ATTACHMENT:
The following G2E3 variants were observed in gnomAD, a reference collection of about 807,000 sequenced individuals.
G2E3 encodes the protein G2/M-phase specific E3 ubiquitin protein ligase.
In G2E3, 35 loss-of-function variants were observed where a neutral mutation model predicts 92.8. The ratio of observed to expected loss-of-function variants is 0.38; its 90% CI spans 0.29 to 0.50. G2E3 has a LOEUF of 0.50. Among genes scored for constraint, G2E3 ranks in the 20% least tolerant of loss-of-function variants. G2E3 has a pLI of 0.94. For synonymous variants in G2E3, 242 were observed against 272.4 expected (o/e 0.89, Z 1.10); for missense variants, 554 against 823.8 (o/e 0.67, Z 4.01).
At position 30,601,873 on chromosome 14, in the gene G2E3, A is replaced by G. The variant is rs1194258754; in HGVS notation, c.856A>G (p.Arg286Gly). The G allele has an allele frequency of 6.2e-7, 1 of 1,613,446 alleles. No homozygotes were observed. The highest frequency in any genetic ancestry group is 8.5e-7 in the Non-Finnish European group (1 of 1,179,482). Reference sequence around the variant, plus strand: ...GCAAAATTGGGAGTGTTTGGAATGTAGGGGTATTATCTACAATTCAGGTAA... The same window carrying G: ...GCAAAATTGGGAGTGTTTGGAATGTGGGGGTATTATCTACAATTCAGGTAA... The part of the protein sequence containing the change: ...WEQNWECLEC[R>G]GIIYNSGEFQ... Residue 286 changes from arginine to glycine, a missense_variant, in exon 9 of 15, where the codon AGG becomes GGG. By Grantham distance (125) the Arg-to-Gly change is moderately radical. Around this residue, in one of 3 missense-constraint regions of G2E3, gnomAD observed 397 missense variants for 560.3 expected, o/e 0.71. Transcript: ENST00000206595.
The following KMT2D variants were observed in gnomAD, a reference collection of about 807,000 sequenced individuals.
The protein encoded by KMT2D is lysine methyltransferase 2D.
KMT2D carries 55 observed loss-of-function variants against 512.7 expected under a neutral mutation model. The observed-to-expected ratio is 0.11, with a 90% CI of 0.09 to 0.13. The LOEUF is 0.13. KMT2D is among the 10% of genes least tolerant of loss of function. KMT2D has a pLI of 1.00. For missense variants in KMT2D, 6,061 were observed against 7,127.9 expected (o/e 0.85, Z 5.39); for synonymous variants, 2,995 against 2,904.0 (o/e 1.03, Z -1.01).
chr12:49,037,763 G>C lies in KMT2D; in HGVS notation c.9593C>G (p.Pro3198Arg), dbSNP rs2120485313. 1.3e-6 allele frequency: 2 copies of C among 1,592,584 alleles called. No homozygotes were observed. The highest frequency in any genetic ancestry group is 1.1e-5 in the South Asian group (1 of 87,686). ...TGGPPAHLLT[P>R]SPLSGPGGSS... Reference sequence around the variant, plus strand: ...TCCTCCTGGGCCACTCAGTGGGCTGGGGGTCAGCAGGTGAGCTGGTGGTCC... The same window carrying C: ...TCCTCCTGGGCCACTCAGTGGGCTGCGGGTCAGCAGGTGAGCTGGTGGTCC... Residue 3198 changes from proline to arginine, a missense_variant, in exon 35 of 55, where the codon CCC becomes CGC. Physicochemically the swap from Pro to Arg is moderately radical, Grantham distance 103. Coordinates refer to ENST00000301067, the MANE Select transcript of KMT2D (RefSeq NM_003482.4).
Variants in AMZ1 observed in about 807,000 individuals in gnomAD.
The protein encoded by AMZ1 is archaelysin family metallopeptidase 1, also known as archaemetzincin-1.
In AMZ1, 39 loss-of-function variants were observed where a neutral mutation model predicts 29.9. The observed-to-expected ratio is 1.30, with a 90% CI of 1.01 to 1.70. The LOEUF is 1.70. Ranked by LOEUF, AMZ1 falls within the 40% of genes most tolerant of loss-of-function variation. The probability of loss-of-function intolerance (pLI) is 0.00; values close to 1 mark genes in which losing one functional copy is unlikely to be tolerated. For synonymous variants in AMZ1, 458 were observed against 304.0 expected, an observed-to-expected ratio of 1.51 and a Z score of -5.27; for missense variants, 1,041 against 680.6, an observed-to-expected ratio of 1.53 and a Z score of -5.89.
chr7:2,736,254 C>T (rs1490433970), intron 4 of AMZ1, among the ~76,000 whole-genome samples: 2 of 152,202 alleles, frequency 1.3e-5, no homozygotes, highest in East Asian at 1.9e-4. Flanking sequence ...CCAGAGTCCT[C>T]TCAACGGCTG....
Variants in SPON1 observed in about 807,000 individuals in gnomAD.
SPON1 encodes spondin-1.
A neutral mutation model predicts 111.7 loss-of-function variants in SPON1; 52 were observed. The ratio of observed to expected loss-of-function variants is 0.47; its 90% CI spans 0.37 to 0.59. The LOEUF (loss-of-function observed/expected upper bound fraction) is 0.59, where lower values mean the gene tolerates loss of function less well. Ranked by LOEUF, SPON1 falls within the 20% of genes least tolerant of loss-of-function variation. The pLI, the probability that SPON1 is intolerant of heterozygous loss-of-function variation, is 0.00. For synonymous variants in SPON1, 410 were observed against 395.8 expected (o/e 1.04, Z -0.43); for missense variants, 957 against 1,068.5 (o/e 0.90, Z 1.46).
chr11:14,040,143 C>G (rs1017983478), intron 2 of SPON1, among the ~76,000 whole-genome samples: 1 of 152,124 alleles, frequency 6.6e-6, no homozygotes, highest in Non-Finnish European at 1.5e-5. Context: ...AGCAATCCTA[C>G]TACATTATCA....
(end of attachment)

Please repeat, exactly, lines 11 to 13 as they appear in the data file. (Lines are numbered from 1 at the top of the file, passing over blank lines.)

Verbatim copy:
In AMZ1, 39 loss-of-function variants were observed where a neutral mutation model predicts 29.9. The observed-to-expected ratio is 1.30, with a 90% CI of 1.01 to 1.70. The LOEUF is 1.70. Ranked by LOEUF, AMZ1 falls within the 40% of genes most tolerant of loss-of-function variation. The probability of loss-of-function intolerance (pLI) is 0.00; values close to 1 mark genes in which losing one functional copy is unlikely to be tolerated. For synonymous variants in AMZ1, 458 were observed against 304.0 expected, an observed-to-expected ratio of 1.51 and a Z score of -5.27; for missense variants, 1,041 against 680.6, an observed-to-expected ratio of 1.53 and a Z score of -5.89.
chr7:2,736,254 C>T (rs1490433970), intron 4 of AMZ1, among the ~76,000 whole-genome samples: 2 of 152,202 alleles, frequency 1.3e-5, no homozygotes, highest in East Asian at 1.9e-4. Flanking sequence ...CCAGAGTCCT[C>T]TCAACGGCTG....
Variants in SPON1 observed in about 807,000 individuals in gnomAD.